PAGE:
The 2010/02/25 at 16:45
“Our serious games allows awareness raising campaigns to be organised on subjects which may not grab the attention of employees at first sight. For example getting 30,000 or 40,000 employees in the different locations of an international group interested in the security of computer data,” explains Michel Gérard, CEO of Conscio Technologies, the developer of SensiStudio, an online serious game engine. “We invite students from all over the world to invent the bank of tomorrow in terms of social and environmental responsibility (SER),” enthuses François Mounier, who launched the 4th edition of Société Générale’s business game Citizen Act. Thanks to Citizen Act, some of the bank’s projects have come to light, including eco-credits and a foundation in aid of underprivileged young people.
“Business games go further than serious games because students do not simulate anything. They do not put themselves in the shoes of a banker or manager, they really do become the bankers and managers of tomorrow,” continues François Mounier. “This game introduces students to our bank philosophy on SER. In this context, we build up a knowledge base. But it is a competition, with winners and losers.” This April, 18 winners in 6 teams of three will thus be selected. These winners will receive 12,000 euros to bring to life their projects within the bank. The game consists in presenting an innovative project that can be concretised. Teams come up against one another on a Wikiblog, inviting friends and teachers to fill out their proposals. The bank gives each team access to a coach who can call on a pool of experts to answer their questions. “We have 82 contributors who have agreed to help these young people,” points out François Mounier.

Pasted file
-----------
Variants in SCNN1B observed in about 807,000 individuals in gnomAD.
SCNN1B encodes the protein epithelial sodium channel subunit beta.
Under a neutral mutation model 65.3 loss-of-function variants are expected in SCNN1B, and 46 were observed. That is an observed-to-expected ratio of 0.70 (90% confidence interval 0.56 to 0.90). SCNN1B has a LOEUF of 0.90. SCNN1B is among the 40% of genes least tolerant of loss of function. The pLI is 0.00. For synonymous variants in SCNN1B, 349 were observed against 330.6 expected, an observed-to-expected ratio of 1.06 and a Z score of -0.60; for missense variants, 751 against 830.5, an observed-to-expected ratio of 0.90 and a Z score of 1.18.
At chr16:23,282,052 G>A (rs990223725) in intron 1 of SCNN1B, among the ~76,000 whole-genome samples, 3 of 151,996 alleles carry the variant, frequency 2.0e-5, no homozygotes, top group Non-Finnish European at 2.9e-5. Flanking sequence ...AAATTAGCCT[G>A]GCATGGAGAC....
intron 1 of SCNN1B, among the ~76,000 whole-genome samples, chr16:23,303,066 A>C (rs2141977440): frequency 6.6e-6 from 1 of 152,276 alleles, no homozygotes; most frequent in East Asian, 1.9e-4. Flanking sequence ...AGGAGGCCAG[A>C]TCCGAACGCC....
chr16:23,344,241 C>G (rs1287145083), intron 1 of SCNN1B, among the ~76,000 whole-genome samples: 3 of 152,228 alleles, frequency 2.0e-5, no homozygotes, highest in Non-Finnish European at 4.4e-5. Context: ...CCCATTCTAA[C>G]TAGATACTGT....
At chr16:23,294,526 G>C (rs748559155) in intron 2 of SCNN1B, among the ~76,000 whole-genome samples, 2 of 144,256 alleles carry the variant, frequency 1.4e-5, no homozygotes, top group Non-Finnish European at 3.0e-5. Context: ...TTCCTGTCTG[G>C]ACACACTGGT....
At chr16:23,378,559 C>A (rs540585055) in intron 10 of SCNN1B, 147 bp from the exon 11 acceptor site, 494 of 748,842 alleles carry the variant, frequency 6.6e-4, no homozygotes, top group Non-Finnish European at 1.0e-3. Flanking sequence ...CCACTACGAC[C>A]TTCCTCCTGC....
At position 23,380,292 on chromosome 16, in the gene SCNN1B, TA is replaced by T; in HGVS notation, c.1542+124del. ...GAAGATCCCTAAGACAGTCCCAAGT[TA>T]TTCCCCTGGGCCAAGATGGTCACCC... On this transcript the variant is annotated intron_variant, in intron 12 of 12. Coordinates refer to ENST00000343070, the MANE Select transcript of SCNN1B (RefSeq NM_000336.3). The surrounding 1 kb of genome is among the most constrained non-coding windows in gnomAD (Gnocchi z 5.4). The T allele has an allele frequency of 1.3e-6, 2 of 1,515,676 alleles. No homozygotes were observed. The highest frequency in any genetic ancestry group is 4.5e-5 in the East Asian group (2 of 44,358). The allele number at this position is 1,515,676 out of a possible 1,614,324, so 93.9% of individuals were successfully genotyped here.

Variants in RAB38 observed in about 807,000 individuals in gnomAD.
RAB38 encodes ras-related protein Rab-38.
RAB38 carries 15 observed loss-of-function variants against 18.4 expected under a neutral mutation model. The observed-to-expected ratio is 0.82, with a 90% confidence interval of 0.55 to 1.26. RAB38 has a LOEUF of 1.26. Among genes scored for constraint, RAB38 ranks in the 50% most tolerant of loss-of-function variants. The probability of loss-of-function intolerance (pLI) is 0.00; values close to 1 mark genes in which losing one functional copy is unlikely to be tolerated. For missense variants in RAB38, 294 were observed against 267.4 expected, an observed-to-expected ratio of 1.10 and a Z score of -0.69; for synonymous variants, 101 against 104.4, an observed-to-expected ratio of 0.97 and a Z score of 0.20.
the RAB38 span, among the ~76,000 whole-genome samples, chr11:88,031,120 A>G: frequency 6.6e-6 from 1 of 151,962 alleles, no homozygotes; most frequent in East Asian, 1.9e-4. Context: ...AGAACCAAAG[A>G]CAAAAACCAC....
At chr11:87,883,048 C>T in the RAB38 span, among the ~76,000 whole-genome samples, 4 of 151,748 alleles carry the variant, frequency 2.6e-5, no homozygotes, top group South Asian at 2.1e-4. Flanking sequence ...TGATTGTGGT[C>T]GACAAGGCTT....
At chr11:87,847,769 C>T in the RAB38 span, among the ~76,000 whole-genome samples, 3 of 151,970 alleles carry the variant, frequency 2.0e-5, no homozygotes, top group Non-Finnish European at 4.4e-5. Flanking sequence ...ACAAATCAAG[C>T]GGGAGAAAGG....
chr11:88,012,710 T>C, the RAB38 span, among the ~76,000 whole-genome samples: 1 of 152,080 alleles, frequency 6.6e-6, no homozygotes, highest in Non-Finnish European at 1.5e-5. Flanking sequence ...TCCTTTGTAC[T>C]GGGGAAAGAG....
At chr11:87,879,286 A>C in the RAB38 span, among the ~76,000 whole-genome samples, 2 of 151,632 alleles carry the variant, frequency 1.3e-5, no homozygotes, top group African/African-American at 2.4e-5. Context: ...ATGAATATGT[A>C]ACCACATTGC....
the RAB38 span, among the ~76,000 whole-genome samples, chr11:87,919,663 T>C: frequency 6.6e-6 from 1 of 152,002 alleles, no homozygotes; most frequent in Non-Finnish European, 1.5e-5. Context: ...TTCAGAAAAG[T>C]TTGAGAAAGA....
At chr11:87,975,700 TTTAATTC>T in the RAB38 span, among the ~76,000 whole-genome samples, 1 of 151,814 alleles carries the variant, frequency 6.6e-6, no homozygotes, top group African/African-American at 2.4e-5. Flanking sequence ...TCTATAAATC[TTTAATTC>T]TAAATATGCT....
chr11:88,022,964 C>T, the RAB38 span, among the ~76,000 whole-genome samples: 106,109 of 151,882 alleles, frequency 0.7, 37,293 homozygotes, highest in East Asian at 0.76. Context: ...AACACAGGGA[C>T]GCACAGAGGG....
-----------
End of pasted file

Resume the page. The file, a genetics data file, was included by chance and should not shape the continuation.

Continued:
“To make a good serious game for human resources, it is necessary to define the target clearly: training, awareness raising, communication, sales support, recruitment. Or else simulating conduct, flight or processes…,” advises Christian Gayton, President of the serious game editor Qoveo in the human capital development sector. “Depending on these targets and media support tools, we select the best adapted technology.” It is on this basis that Qoveo develops its gameplay, in other words the general framework of the scenario, level by level, with objectives to meet, objects to collect, enigmas to solve, exercises to do, and a score system to validate acquired knowledge. Once the gameplay has been established, it is time for graphic and sound production to be finalised as well as backdrops and characters. “Prices for tailor-made serious games range from 20,000 to 300,00 euros,” indicates Christian Gayton who has produced off-the-shelf games (10 to 70 euros) on the ergonomy of the workplace environment and gestures, as well as the prevention of chemical, road and fire accidents.